Tom Wesselmann

Seascape Dropout


In Tate Britain

Prints and Drawings Room

View by appointment
Tom Wesselmann 1931–2004
Woodcut on paper
Image: 556 × 635 mm
Purchased 1982

Catalogue entry

P07760 Seascape Dropout 1982

Woodcut 21 7/8 × 25 (556 × 635), printed by Michael Berden, Boston and published by Multiples Inc., New York
Inscribed ‘Wesselman '82’ bottom centre and ‘4/50’; impressed with the publisher's stamp
Purchased from Waddington Graphics (Grant-in-Aid) 1982

‘Seascape Dropout’ relates to the series of paintings called ‘Drop Outs’ which Wesselman began in 1967. Writing under the pseudonym of Slim Stealingworth, Wesselman describes these works in Tom Wesselman, New York, 1980, as follows:

... the central image, a breast, was omitted from the shaped canvas, while the nipple and areola were retained ... These Seascapes are negative shapes. The shape is the shape one sees, for example, while lying alongside a woman who is seated on the beach. One can look up and see the opening formed by her breast, rib cage, and stomach on one side; by her descending arm on the other side; and by her thigh on the bottom. As can happen on a bright beach, the flesh drops away in this moment of awareness of the glimpse into the sunlit background, although the nipple stays a part of the scene because of its color, form, and importance as a focus (pp.52–6).

Of the paintings in the series, the Tate's print most closely resembles ‘Study for Seascape 31’, 1979, oil on canvas (repr. in col., Wesselman, p.279) and, apart from the additional detail in the paintings of tresses of the girl's hair falling across the clouds in the background, the composition of the two works is identical. The ‘Drop Outs’ works are themselves a development within the ‘Seascapes’ series which dates from 1965. The subject of the first works of this series was a foot or feet, which take the place of a full figure, set in a beach scene. Wesselman states that this particular setting was chosen because he ‘had recently discovered vacations. A number of watercolour studies of the ocean and beach around Truro, Massachusetts, grew out of a two-week Cape Cod vacation. While these studies played only a small but direct part in the paintings, they did focus [my] attention and awareness on the sea’ (Wesselman p.45). The breast as a negative shape replaced the foot motif as the subject of the series from 1967 onwards, notably in ‘Seascape 19’ 1967 (repr. in col., Wesselman, p.165). Wesselman's interest in the interplay of positive and negative shapes dates from the collages he was making in the early 60s in which there was a specific aesthetic goal which Wesselman describes as follows:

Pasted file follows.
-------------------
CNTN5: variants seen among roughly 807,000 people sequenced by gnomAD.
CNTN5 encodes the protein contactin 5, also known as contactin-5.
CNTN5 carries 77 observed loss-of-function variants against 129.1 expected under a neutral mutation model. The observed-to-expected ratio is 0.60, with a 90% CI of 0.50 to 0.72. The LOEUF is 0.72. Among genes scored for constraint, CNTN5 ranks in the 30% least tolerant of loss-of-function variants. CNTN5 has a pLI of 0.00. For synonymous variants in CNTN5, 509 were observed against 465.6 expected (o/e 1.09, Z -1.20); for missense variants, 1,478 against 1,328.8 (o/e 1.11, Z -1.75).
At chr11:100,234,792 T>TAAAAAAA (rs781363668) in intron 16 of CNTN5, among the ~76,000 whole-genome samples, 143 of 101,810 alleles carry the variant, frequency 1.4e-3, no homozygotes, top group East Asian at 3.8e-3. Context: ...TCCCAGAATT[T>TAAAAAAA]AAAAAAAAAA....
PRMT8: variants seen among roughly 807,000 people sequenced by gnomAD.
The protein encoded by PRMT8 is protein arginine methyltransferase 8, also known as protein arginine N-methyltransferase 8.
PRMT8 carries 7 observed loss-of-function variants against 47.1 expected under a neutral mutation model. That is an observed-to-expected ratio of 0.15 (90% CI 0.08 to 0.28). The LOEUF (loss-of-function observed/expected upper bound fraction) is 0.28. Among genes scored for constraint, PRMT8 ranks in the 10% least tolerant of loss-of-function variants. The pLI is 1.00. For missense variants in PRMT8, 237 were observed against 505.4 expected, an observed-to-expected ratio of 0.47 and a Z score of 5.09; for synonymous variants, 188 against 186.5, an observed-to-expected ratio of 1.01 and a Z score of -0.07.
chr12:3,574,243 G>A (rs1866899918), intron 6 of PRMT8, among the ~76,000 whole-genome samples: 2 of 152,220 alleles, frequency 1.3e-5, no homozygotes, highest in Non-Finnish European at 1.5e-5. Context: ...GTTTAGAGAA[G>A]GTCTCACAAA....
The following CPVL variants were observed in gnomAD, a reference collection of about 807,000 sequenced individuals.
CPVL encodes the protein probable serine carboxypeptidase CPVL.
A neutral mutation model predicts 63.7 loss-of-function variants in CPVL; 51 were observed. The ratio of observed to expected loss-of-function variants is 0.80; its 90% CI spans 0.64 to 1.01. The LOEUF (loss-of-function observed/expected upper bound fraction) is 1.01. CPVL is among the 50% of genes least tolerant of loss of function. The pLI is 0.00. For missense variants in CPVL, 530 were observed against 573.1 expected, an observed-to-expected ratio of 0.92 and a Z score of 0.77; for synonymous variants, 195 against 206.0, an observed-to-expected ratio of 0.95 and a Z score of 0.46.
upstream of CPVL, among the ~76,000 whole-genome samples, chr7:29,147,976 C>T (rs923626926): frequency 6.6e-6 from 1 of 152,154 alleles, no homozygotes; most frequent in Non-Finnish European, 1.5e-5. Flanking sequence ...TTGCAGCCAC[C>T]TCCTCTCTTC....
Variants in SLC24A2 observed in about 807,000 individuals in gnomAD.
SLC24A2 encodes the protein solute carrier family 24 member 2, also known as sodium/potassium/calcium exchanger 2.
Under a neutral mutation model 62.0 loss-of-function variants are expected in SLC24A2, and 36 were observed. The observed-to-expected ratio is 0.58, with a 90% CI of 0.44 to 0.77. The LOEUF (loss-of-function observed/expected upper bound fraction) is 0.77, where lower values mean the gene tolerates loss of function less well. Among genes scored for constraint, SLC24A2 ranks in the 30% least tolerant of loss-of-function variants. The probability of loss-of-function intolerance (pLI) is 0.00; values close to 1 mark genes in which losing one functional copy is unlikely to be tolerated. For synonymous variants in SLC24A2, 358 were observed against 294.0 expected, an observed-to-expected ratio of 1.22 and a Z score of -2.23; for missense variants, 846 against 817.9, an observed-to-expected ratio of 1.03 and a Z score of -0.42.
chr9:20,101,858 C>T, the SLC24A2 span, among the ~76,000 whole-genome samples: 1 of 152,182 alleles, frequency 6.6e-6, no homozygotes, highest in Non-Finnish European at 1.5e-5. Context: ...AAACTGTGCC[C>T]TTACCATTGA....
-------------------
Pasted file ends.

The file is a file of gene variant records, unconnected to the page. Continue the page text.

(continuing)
The ideal was competition rather than harmony - all parts of the painting competed throughout the painting, in many ways, in order to generate excitement and demand attention. One of the main tools besides colour was the use of positive and negative shapes or space. This is why [my] earliest nudes are often very curvy - to set up a strong positive - negative relationship between the positive shape - the body - and adjacent negative areas, so that both the adjacent area and the nude could break free and advance. If all positive and negative areas became as strong as possible, there would be no negative areas: the image could become one strong positive shape. What counted was that one final shape (Wesselman, pp.18–20).

Published in:
The Tate Gallery 1982-84: Illustrated Catalogue of Acquisitions, London 1986


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